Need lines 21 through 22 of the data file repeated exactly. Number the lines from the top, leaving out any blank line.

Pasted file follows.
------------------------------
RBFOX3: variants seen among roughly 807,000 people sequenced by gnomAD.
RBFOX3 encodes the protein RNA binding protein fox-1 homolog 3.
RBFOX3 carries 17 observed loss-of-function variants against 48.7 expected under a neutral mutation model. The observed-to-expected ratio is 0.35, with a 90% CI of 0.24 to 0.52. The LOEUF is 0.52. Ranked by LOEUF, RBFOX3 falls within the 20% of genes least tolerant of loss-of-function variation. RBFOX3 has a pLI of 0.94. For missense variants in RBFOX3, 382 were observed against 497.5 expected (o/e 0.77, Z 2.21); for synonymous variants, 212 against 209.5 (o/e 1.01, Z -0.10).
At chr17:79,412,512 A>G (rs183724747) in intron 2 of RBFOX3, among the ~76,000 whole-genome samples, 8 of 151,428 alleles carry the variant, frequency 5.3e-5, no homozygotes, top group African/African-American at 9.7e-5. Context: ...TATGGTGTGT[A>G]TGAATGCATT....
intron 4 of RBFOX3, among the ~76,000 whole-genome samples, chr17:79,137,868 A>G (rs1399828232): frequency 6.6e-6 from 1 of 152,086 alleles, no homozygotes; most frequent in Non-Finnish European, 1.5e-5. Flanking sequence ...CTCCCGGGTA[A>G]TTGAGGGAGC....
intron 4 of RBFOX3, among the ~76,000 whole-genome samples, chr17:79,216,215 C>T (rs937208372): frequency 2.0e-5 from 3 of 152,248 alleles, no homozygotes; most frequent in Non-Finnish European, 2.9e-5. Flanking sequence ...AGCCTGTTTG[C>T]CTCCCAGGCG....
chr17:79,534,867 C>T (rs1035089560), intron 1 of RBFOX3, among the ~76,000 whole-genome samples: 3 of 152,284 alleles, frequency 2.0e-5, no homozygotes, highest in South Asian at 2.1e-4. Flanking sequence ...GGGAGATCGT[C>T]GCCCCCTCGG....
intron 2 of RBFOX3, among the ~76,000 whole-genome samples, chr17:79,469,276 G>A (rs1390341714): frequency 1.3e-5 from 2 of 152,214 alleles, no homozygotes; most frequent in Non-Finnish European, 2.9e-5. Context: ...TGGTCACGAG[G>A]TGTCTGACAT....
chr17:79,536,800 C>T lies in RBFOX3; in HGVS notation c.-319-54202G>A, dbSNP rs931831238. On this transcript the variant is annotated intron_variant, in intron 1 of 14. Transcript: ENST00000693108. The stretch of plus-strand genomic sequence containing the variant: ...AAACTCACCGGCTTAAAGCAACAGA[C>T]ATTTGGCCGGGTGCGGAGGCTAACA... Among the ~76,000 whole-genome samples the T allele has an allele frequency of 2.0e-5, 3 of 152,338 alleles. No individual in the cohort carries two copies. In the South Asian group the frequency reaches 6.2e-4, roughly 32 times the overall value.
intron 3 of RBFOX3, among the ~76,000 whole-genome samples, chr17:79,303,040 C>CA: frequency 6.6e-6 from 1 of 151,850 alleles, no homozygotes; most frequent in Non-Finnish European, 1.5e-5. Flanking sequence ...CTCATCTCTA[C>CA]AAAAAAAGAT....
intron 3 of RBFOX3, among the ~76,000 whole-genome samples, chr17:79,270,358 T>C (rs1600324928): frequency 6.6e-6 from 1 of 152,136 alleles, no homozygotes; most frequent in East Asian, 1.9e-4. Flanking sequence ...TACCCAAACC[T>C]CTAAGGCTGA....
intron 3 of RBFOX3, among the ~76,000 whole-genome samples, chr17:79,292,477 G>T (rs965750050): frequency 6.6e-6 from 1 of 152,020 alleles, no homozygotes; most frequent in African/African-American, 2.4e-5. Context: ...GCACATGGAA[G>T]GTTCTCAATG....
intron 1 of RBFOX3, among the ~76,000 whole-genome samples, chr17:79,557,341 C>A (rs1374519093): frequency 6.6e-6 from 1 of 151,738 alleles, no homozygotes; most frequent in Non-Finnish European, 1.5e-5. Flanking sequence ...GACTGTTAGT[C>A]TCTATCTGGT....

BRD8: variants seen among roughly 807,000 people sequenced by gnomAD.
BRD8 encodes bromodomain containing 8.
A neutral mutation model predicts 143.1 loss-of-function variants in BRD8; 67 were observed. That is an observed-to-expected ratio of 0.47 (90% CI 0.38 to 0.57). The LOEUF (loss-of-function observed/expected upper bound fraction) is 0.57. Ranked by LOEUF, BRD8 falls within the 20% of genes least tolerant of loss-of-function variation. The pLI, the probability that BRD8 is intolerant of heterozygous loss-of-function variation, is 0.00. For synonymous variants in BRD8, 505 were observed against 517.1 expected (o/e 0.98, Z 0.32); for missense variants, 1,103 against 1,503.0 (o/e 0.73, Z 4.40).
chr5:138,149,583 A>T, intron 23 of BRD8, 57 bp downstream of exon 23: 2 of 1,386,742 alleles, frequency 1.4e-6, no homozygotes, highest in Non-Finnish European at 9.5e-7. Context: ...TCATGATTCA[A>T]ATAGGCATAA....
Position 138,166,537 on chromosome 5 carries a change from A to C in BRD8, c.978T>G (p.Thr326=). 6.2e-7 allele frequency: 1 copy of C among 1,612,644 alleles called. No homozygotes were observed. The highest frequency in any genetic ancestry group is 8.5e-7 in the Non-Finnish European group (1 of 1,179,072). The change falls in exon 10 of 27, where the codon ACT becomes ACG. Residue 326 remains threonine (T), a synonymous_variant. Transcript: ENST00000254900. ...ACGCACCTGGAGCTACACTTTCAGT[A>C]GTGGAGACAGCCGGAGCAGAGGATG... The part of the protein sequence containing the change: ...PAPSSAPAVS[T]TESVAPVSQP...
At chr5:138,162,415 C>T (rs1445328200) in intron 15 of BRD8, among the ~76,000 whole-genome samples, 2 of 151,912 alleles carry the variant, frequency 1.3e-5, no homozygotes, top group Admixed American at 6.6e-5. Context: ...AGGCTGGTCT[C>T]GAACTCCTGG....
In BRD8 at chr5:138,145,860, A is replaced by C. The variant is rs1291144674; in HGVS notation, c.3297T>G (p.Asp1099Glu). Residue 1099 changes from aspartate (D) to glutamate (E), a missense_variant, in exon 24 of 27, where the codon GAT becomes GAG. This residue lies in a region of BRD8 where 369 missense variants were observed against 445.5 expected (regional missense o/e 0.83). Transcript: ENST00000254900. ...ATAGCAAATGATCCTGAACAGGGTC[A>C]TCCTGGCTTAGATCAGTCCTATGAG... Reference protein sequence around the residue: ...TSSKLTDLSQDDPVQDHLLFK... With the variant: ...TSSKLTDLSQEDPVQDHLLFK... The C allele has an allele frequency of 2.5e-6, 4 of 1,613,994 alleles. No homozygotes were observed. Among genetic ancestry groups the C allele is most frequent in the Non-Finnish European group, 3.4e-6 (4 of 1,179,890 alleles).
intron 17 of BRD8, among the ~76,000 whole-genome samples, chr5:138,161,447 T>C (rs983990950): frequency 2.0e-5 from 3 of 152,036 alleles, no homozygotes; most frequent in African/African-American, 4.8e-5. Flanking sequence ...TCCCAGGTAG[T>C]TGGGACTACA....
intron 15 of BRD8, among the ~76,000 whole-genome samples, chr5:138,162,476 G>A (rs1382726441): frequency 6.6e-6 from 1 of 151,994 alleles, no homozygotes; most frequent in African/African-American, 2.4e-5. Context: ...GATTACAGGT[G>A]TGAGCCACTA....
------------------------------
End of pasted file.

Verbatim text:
intron 17 of BRD8, among the ~76,000 whole-genome samples, chr5:138,161,447 T>C (rs983990950): frequency 2.0e-5 from 3 of 152,036 alleles, no homozygotes; most frequent in African/African-American, 4.8e-5. Flanking sequence ...TCCCAGGTAG[T>C]TGGGACTACA....
intron 15 of BRD8, among the ~76,000 whole-genome samples, chr5:138,162,476 G>A (rs1382726441): frequency 6.6e-6 from 1 of 151,994 alleles, no homozygotes; most frequent in African/African-American, 2.4e-5. Context: ...GATTACAGGT[G>A]TGAGCCACTA....